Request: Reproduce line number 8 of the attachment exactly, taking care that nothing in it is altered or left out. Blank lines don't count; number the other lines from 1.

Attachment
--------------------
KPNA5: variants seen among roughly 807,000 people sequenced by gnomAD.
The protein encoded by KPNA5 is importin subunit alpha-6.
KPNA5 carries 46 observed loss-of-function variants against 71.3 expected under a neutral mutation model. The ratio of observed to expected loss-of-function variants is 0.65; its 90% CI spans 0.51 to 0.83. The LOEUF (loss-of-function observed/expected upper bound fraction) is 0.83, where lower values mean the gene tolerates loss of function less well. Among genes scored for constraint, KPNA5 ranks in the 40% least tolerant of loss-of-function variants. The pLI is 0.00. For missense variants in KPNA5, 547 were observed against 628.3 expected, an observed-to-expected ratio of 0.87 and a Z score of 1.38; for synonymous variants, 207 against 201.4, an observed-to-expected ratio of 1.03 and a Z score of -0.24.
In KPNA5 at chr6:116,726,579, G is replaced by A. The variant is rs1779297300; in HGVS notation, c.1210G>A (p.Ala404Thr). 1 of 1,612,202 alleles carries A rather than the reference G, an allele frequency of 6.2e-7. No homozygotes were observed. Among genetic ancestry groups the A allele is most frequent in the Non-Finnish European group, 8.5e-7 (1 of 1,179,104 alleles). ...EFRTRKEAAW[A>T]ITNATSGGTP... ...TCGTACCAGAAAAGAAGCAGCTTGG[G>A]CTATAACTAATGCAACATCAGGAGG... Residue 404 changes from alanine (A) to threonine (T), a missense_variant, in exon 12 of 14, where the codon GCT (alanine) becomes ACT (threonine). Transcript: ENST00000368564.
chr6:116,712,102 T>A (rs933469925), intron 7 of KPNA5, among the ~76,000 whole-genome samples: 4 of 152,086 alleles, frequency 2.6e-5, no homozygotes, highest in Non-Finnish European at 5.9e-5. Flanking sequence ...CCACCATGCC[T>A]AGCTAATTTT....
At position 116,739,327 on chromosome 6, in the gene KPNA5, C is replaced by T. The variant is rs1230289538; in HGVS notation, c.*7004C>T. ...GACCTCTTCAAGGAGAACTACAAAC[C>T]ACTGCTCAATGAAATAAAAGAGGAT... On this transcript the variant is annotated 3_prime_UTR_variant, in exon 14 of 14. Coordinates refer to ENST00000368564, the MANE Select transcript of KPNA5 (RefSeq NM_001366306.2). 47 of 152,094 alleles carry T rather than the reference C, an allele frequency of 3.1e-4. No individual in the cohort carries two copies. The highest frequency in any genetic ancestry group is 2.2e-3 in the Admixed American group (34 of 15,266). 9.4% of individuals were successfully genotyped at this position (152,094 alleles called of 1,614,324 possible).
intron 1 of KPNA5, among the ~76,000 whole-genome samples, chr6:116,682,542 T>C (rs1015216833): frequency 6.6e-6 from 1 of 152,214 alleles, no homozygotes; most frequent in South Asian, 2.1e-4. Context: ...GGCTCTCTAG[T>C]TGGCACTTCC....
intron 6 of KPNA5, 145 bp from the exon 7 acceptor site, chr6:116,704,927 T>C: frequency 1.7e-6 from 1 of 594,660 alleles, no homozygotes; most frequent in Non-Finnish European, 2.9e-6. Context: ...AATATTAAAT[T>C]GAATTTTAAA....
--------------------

intron 6 of KPNA5, 145 bp from the exon 7 acceptor site, chr6:116,704,927 T>C: frequency 1.7e-6 from 1 of 594,660 alleles, no homozygotes; most frequent in Non-Finnish European, 2.9e-6. Context: ...AATATTAAAT[T>C]GAATTTTAAA....